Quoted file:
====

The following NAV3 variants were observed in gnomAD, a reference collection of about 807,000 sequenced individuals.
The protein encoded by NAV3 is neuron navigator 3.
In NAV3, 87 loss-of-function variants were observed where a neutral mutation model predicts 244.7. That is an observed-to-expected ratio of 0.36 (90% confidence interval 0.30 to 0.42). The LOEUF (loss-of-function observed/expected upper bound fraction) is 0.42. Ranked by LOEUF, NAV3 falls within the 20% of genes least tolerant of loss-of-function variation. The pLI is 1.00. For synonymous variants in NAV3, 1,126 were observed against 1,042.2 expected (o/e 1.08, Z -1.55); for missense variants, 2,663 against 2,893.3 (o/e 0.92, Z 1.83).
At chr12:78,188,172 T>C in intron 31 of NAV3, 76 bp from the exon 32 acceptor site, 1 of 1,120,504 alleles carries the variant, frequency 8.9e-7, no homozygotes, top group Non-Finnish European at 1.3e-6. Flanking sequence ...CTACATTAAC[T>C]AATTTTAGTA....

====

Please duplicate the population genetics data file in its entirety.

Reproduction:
The following NAV3 variants were observed in gnomAD, a reference collection of about 807,000 sequenced individuals.
The protein encoded by NAV3 is neuron navigator 3.
In NAV3, 87 loss-of-function variants were observed where a neutral mutation model predicts 244.7. That is an observed-to-expected ratio of 0.36 (90% confidence interval 0.30 to 0.42). The LOEUF (loss-of-function observed/expected upper bound fraction) is 0.42. Ranked by LOEUF, NAV3 falls within the 20% of genes least tolerant of loss-of-function variation. The pLI is 1.00. For synonymous variants in NAV3, 1,126 were observed against 1,042.2 expected (o/e 1.08, Z -1.55); for missense variants, 2,663 against 2,893.3 (o/e 0.92, Z 1.83).
At chr12:78,188,172 T>C in intron 31 of NAV3, 76 bp from the exon 32 acceptor site, 1 of 1,120,504 alleles carries the variant, frequency 8.9e-7, no homozygotes, top group Non-Finnish European at 1.3e-6. Flanking sequence ...CTACATTAAC[T>C]AATTTTAGTA....